Former Texas police officer Roy Oliver was sentenced to 15 years in prison on Wednesday for the murder of a 15-year-old boy who was shot while riding in a car full of teens leaving a house party.
The jury also imposed a $10,000 fine on Oliver.
Oliver, 38, was convicted of murder on Tuesday in the fatal shooting of high school freshman Jordan Edwards. The teen was in the passenger seat of a car leaving a party when the officer opened fire in April 2017. The jury found Oliver not guilty on two counts of aggravated assault.
At trial Oliver claimed that he fired at the car after seeing it move toward his partner, Officer Tyler Gross, and thought Gross's life was in danger.
But Gross testified that he did not fear for his life and didn't feel the need to fire his own weapon.
Jordan is black, and Oliver is white. The conviction is a relatively rare case of a former law enforcement officer being convicted in an on-duty shooting where someone was killed.
"This case for us, the state of Texas, was always about Jordan Edwards. It was not about a political statement," the lead prosecutor, Dallas County Assistant District Attorney Michael Snipes, said after the jury reached its sentence. "It was about a young man who I came to love," he said, and he thanked the Edwards family for what he called their nobility and heroism throughout the case.
Oliver was fired by the Balch Springs Police Department just days after the shooting. He faces up to life in prison on the murder conviction. Jurors began deliberating on the sentence Wednesday.
During the sentencing phase, which began after Tuesday’s conviction, Jordan's father, Odell Edwards, said that the family would never be the same. Edwards said after the verdict: "I'm happy, very happy. It's been a long time, a hard year."
Edwards' family attorney, Daryl Washington, praised the Dallas DA’s office for doing something that has not been done around this country. "They had the courage to take on a bad police officer and because of that, that in and of itself is a victory,” Washington said.
“We all would have liked to have seen a greater sentence, but we’re going to respect the verdict that the jury handed down, only because we know that there are parents all over this country who would love to see the person who took the life of their kid spend the next 15 years in prison,” he added.
Earlier Wednesday, Oliver’s mother and wife asked for a lenient prison sentence, and his wife, Ingrid Llerena, testified that she's concerned about their 3-year-old son, who is autistic, and the boy's future without his father at home.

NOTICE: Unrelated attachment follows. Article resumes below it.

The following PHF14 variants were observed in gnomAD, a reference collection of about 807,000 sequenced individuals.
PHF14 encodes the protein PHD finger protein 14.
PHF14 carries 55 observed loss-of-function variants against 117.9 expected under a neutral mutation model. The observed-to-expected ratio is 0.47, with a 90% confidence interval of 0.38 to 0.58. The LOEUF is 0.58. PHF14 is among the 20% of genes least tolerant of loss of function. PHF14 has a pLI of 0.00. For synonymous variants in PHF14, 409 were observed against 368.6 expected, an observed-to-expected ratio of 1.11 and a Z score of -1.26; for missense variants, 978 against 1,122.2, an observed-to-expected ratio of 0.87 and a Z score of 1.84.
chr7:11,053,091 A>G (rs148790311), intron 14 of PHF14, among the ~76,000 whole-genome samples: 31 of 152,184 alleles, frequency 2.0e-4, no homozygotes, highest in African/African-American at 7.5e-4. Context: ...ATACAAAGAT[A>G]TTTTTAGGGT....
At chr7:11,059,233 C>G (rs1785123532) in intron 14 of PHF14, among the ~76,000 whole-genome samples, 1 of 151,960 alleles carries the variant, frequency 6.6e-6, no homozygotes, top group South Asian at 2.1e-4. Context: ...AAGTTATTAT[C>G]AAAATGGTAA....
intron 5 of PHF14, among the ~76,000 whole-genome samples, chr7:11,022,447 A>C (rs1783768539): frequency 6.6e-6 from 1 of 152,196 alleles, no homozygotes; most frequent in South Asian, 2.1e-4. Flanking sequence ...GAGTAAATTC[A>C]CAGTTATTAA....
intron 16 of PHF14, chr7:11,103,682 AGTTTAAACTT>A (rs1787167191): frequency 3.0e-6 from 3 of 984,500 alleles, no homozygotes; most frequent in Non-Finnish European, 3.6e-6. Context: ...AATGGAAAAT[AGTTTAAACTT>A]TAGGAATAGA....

Oliver's half-sister, Wendi Oliver, also testified that she sent a family member of Jordan’s a Facebook message in which she said she hopes justice is served.
"I hope that he gets what he deserves, because he took an innocent life," Wendi Oliver said. "And I feel sorry for what, that he has done to this boy."
Officers had been dispatched to the house party in Balch Springs on a call of underage drinking late on April 29, 2017.
Oliver testified that while he was at the home, he heard gunshots outside and believed there was a shooter. As he went outside, he saw the car carrying the five unarmed teenagers.
The gunshots turned out to have been fired near a nursing home in the area.
On Tuesday after the jury returned its verdict, Texas Gov. Greg Abbott tweeted that "this life should never have been lost."
Jordan's pastor recalled the teen as a light in the church, whose smile brightened the building when one walked in, and said the boy had hoped to attend the University of Alabama.
Oliver's defense attorney, Bob Gill, told jurors on Wednesday that there is no question that Jordan "was an exceptional kid," but said that on the night of the deadly encounter "Roy Oliver did not know."
"Roy was reacting to a threat," Gill said, and urged jurors to look at the totality of the circumstances when making their sentencing decision. He said the evidence showed that "all of this happened in a split second."
Gill also told jurors that as a one-time member of law enforcement, "Roy Oliver’s time in the Texas penitentiary system is going to be an excruciatingly long period of time, no matter what it is."